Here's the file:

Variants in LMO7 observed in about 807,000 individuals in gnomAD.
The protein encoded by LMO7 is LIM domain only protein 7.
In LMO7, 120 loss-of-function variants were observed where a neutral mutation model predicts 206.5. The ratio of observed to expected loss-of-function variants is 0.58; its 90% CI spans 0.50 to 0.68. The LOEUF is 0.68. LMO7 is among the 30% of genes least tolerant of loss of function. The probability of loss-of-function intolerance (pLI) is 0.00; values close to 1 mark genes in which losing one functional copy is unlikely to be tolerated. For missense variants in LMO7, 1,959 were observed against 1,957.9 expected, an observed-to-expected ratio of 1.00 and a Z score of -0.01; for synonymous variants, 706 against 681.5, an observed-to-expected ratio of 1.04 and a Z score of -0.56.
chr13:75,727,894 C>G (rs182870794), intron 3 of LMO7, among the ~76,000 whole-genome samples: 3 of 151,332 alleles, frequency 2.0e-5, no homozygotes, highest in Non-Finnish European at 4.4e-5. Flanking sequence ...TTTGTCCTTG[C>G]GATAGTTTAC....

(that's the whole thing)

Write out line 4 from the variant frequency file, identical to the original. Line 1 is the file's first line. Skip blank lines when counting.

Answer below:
chr13:75,727,894 C>G (rs182870794), intron 3 of LMO7, among the ~76,000 whole-genome samples: 3 of 151,332 alleles, frequency 2.0e-5, no homozygotes, highest in Non-Finnish European at 4.4e-5. Flanking sequence ...TTTGTCCTTG[C>G]GATAGTTTAC....